Equipment inspection and maintenance

Regularly checking height safety equipment can save lives in the workplace. Liz Foster writes for Safety First.

Regularly checking height safety equipment can save lives in the workplace. Liz Foster writes for Safety First.

TODAY there is plenty of height safety equipment available on the marketplace, and in theory, workers in Australia are better than ever protected from injury – or worse – when working at height.

However, it’s not enough to simply know how to use it. Before using any equipment, operators should be aware that their lives depend on its efficiency and durability.

Gordon Cadzow from the FPMA notes that proper equipment inspection is the first line of defence against the hazards of faulty equipment.

“Safety equipment is highly specialised, and like anything else, requires regular checking to ensure it’s still in 100% working order,” Cadzow told Safety First.

“This includes all personal protective equipment and devices including safety harnesses, associated lanyards, connectors, fall arrest devices (self retracting lifelines) as well as horizontal lifelines and rails and anchorages.

If these items are not maintained and stored in the right conditions, there is every chance that they may not work properly, just when they’re needed.”

Gordon said in regards to the requirements detailed for safety equipment maintenance as laid out in AS/NZS1891.4, it’s important that the operator is fully trained in order to be able to effectively carry out the inspection and if this isn’t possible, then another competent person needs to carry out the inspection.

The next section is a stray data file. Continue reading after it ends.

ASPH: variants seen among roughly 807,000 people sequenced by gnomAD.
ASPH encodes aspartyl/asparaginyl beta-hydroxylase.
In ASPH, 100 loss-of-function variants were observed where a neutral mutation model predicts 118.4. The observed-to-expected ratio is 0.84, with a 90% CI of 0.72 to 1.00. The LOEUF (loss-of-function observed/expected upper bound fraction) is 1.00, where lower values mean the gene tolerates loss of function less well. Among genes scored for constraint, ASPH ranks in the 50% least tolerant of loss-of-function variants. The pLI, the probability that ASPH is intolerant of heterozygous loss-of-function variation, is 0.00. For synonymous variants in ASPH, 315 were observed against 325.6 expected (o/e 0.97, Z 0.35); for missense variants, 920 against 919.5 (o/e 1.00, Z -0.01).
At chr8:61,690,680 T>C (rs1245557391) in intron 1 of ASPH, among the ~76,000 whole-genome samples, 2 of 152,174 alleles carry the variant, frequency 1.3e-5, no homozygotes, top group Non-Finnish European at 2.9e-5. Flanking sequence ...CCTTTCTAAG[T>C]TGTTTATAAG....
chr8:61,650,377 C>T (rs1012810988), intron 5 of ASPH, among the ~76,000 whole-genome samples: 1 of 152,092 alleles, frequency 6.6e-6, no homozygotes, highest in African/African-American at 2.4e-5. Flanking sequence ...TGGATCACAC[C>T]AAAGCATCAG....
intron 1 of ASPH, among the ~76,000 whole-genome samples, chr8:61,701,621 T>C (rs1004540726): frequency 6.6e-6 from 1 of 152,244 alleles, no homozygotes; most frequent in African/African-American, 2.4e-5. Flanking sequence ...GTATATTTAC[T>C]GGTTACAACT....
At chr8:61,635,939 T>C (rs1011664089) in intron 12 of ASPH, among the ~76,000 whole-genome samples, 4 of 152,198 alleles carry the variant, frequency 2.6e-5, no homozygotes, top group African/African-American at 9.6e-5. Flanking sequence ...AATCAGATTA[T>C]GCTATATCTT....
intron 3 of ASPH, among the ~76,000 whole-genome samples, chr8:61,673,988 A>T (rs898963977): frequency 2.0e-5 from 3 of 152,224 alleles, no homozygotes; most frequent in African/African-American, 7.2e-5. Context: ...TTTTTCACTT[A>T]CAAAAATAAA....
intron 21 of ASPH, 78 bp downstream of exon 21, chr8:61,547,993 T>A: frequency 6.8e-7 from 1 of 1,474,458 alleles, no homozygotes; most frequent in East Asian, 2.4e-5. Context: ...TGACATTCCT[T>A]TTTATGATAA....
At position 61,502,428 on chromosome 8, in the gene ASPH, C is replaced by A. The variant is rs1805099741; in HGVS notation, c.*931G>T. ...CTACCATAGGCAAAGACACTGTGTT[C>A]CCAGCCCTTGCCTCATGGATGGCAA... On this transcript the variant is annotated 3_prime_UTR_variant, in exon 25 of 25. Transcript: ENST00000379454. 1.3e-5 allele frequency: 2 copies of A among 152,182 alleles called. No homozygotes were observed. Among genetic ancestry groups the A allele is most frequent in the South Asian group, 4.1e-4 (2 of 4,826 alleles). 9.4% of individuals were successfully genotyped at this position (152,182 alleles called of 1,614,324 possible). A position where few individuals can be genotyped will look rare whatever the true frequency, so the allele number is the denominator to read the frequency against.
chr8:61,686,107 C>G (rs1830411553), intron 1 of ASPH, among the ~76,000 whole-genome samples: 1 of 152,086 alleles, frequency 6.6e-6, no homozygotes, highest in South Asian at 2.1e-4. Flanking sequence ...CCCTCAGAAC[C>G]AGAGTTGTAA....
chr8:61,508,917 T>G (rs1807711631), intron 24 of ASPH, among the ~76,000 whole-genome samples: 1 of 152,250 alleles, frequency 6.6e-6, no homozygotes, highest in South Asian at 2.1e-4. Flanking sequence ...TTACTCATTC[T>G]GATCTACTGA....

“The Standard requires that all personal-use equipment (harnesses, lanyards, connectors and fall arrest devices) and common-use equipment (ropes, slings and mobile attachment devices) are inspected by a competent operator before and after each use.

“To clarify further, the Standard defines a competent person as someone who, through a combination of training, knowledge and experience has acquired knowledge and skills that enables that person to correctly perform a specified task.”

Inspections need to be by sight and touch, and include the opening of any equipment where access for daily inspection is provided to ensure that the internal components are in good condition.

If the equipment is considered in any way doubtful by the inspector, it should be tagged out of service and clearly labelled, indicating the defect. It then needs to be referred to a competent person for further action or replacement.

Many users may still be unsure as to when the equipment needs inspecting, so where there are no manufacturer’s or supplier’s recommendations, inspection timings are laid out in the table below.

Record Keeping

The maintenance and inspection history of the item should be kept on a record card or history sheet, making it clear which item it refers to, and should be freely available to the operator for at least the life of the equipment.

Data to be maintained on equipment includes the following:

• Manufacturers’, suppliers’ or installers’ name and address.

• Manufacturer’s batch, serial or identifying number.

• Year of manufacture*

• Date of purchase*

• Date first put into service.

• Dates and details of inspections and services.

• Details of recommended connection to harnesses.

• Type of anchorage line to be used.

*not required on fixed anchorages, fixed horizontal lifelines and rails.

The Standard also details a checklist for the inspection of harnesses, lanyards and associated equipment however, it’s important that this checklist is used together with the manufacturer’s user instruction manual to establish precise details of equipment inspection and maintenance requirements.

For further information regarding fall protection and how the standard changes may impact on your business operations, as well as information on all FPMA members, visit, or contact Gordon Cadzow at

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